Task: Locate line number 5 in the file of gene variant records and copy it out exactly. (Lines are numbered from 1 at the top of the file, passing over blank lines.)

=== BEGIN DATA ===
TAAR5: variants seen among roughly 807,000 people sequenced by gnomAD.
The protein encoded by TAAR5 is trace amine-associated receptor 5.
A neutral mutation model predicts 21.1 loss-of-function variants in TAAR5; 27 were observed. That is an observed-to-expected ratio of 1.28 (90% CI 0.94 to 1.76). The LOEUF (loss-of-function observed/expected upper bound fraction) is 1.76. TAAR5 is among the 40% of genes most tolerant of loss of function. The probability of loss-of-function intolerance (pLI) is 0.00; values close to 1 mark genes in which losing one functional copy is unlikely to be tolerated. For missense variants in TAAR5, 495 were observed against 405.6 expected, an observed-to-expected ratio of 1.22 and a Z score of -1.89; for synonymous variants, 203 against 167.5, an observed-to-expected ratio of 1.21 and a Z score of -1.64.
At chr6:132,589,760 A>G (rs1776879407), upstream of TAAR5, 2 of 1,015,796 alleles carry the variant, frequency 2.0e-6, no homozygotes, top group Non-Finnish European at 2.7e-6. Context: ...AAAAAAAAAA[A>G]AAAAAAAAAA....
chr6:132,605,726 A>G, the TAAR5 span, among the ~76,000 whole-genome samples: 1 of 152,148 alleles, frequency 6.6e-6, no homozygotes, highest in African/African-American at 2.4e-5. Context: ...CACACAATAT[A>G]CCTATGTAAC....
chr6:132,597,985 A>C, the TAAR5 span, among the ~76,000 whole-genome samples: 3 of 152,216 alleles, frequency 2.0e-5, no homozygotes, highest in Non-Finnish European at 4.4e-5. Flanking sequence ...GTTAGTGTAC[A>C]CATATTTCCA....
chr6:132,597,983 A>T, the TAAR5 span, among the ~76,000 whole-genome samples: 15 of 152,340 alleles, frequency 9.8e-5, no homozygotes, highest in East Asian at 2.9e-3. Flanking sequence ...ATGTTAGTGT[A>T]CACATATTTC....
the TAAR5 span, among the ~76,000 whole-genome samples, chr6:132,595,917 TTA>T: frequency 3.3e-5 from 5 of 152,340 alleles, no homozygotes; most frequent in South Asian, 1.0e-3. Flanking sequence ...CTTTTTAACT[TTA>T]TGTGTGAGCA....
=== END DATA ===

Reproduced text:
chr6:132,605,726 A>G, the TAAR5 span, among the ~76,000 whole-genome samples: 1 of 152,148 alleles, frequency 6.6e-6, no homozygotes, highest in African/African-American at 2.4e-5. Context: ...CACACAATAT[A>G]CCTATGTAAC....